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2. Important note on obsolete information

I've just discovered that some of the documentation below is obsolete. In particular, the init daemon that comes with the latest sysvinit package is more sophisticated than I've portrayed it to be. Although it seems that the current version is backward compatible with what's written here, it looks like it has some undocumented features which are very important for UPS support.

The control mechanism outlined below only allows powerd to give init one of two messages, namely powerfail or powerok. init runs one command when it receives powerfail, and another when it receives powerok. This leads to complicated powerd logic for dealing with low battery signals and other sorts of special situations.

Newer versions of init (as of version 2.58, it seems) are more sophisticated. These versions can be signaled to run one of three scripts. Thus, init can have a powerfail script for announcing a power outage, a powerfailnow script for doing an immediate shutdown, and a powerok script for halting any pending shutdowns. This is much cleaner than the gyrations one would have to go through with the mechanisms detailed below.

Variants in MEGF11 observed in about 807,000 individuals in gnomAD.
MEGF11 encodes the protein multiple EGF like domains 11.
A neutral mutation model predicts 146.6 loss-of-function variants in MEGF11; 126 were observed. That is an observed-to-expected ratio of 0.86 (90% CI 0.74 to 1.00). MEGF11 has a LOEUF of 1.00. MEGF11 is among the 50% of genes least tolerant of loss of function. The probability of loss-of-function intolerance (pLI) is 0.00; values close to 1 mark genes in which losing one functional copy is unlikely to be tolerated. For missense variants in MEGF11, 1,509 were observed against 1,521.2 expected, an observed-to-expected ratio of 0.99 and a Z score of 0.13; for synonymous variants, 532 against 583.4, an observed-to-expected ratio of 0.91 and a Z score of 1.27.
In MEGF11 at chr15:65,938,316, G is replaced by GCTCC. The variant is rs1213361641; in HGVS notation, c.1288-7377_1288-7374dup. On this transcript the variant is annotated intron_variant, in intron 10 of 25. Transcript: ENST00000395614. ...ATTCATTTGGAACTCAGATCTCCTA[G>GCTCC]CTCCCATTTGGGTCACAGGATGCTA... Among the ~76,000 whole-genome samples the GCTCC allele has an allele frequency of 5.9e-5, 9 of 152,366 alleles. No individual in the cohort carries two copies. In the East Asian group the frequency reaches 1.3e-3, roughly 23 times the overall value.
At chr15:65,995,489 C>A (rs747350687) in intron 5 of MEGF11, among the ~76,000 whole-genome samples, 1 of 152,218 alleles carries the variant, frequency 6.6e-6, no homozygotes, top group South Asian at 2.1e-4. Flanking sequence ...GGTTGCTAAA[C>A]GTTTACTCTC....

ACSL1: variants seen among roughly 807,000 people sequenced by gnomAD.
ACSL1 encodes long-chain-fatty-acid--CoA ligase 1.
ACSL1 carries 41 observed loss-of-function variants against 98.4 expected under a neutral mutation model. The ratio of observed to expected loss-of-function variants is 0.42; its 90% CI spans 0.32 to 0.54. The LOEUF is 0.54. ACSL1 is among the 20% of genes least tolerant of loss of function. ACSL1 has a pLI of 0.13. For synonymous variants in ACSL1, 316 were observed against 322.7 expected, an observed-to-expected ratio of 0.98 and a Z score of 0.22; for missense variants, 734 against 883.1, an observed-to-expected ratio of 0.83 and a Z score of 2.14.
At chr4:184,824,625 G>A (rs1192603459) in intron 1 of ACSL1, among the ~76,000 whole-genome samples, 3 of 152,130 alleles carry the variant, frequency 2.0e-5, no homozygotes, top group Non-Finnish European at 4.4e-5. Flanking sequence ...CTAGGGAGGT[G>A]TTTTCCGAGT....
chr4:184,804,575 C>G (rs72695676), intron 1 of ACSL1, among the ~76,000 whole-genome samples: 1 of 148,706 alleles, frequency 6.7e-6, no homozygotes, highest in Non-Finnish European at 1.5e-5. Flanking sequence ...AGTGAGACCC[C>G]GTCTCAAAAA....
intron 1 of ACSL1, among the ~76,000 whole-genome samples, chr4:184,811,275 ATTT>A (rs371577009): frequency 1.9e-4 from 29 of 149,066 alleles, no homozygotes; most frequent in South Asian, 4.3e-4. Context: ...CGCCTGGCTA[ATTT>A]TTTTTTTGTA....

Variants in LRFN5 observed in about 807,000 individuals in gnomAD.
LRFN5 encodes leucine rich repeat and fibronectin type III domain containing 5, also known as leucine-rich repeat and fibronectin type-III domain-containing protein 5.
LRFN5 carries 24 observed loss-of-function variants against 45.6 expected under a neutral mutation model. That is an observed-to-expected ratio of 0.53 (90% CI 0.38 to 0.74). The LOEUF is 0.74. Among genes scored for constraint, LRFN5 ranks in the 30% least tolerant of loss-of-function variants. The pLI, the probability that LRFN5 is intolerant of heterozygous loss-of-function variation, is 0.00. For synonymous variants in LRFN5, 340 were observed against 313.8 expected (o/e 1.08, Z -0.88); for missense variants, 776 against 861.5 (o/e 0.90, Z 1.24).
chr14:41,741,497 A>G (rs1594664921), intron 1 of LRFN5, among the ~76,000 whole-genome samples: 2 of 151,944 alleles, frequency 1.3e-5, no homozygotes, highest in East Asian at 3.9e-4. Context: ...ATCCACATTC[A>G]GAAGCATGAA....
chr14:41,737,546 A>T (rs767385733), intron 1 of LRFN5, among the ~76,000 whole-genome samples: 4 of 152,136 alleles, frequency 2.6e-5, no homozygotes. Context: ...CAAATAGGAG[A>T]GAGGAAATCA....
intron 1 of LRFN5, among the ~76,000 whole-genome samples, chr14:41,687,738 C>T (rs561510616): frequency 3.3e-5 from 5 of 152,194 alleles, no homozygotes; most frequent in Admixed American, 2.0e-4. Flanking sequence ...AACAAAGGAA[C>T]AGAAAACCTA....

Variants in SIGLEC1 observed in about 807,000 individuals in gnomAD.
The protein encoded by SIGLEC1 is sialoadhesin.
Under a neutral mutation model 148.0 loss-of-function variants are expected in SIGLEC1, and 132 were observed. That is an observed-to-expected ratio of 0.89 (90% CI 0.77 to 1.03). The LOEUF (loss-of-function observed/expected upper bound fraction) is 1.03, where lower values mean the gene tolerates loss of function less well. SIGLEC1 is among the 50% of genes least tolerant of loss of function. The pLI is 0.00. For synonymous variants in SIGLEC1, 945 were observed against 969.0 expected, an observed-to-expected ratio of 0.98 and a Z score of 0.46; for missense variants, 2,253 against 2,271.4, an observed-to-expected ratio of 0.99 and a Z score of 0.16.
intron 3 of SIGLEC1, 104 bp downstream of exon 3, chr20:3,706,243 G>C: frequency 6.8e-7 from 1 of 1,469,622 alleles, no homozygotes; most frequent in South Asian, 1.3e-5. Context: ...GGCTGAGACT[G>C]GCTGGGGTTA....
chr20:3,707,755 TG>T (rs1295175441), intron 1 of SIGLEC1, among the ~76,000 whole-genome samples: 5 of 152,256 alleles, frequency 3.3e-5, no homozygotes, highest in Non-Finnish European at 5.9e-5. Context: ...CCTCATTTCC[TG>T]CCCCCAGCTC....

Although most of the discussion here assumes the old init communication method, I just added two new sections where the authors uses the new communcation method. These are sections Trust Energy Protector 400/650 and APC Smart-UPS 700. The former is especially detailed. Both include a powerd.c which signals init to do an immediate shutdown when a low battery signal is received, as well as the relevant /etc/inittab lines to make this work. Other than this, all I can tell you is to look at the source code for init.

Also, for all I know, many of the software packages listed below also use this newer communication method.

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